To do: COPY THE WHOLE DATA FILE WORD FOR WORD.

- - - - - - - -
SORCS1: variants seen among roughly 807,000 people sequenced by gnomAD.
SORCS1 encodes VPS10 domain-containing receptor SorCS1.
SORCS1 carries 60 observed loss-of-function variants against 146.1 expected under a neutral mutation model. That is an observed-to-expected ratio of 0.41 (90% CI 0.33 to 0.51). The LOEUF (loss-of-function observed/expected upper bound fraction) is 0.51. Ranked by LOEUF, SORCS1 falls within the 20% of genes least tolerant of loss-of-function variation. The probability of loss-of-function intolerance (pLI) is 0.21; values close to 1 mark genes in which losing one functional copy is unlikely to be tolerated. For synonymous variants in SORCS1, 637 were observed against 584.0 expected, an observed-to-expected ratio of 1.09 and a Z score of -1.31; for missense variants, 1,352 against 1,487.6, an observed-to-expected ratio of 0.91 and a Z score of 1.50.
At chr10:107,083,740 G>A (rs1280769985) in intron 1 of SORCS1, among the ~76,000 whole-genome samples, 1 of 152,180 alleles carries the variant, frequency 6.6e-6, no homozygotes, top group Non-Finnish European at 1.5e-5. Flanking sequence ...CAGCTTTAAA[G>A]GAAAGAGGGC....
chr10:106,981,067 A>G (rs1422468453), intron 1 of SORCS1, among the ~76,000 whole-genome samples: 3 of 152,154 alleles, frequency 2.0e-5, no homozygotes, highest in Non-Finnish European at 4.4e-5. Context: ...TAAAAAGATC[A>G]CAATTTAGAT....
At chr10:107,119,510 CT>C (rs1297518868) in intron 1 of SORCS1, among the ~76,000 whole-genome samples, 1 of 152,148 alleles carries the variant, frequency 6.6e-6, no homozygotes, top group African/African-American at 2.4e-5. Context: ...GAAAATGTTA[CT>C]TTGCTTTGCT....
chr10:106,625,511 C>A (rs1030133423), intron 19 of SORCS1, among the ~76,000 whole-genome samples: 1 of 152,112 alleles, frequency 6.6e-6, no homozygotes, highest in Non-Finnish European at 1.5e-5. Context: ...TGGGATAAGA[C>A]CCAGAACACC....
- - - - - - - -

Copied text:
SORCS1: variants seen among roughly 807,000 people sequenced by gnomAD.
SORCS1 encodes VPS10 domain-containing receptor SorCS1.
SORCS1 carries 60 observed loss-of-function variants against 146.1 expected under a neutral mutation model. That is an observed-to-expected ratio of 0.41 (90% CI 0.33 to 0.51). The LOEUF (loss-of-function observed/expected upper bound fraction) is 0.51. Ranked by LOEUF, SORCS1 falls within the 20% of genes least tolerant of loss-of-function variation. The probability of loss-of-function intolerance (pLI) is 0.21; values close to 1 mark genes in which losing one functional copy is unlikely to be tolerated. For synonymous variants in SORCS1, 637 were observed against 584.0 expected, an observed-to-expected ratio of 1.09 and a Z score of -1.31; for missense variants, 1,352 against 1,487.6, an observed-to-expected ratio of 0.91 and a Z score of 1.50.
At chr10:107,083,740 G>A (rs1280769985) in intron 1 of SORCS1, among the ~76,000 whole-genome samples, 1 of 152,180 alleles carries the variant, frequency 6.6e-6, no homozygotes, top group Non-Finnish European at 1.5e-5. Flanking sequence ...CAGCTTTAAA[G>A]GAAAGAGGGC....
chr10:106,981,067 A>G (rs1422468453), intron 1 of SORCS1, among the ~76,000 whole-genome samples: 3 of 152,154 alleles, frequency 2.0e-5, no homozygotes, highest in Non-Finnish European at 4.4e-5. Context: ...TAAAAAGATC[A>G]CAATTTAGAT....
At chr10:107,119,510 CT>C (rs1297518868) in intron 1 of SORCS1, among the ~76,000 whole-genome samples, 1 of 152,148 alleles carries the variant, frequency 6.6e-6, no homozygotes, top group African/African-American at 2.4e-5. Context: ...GAAAATGTTA[CT>C]TTGCTTTGCT....
chr10:106,625,511 C>A (rs1030133423), intron 19 of SORCS1, among the ~76,000 whole-genome samples: 1 of 152,112 alleles, frequency 6.6e-6, no homozygotes, highest in Non-Finnish European at 1.5e-5. Context: ...TGGGATAAGA[C>A]CCAGAACACC....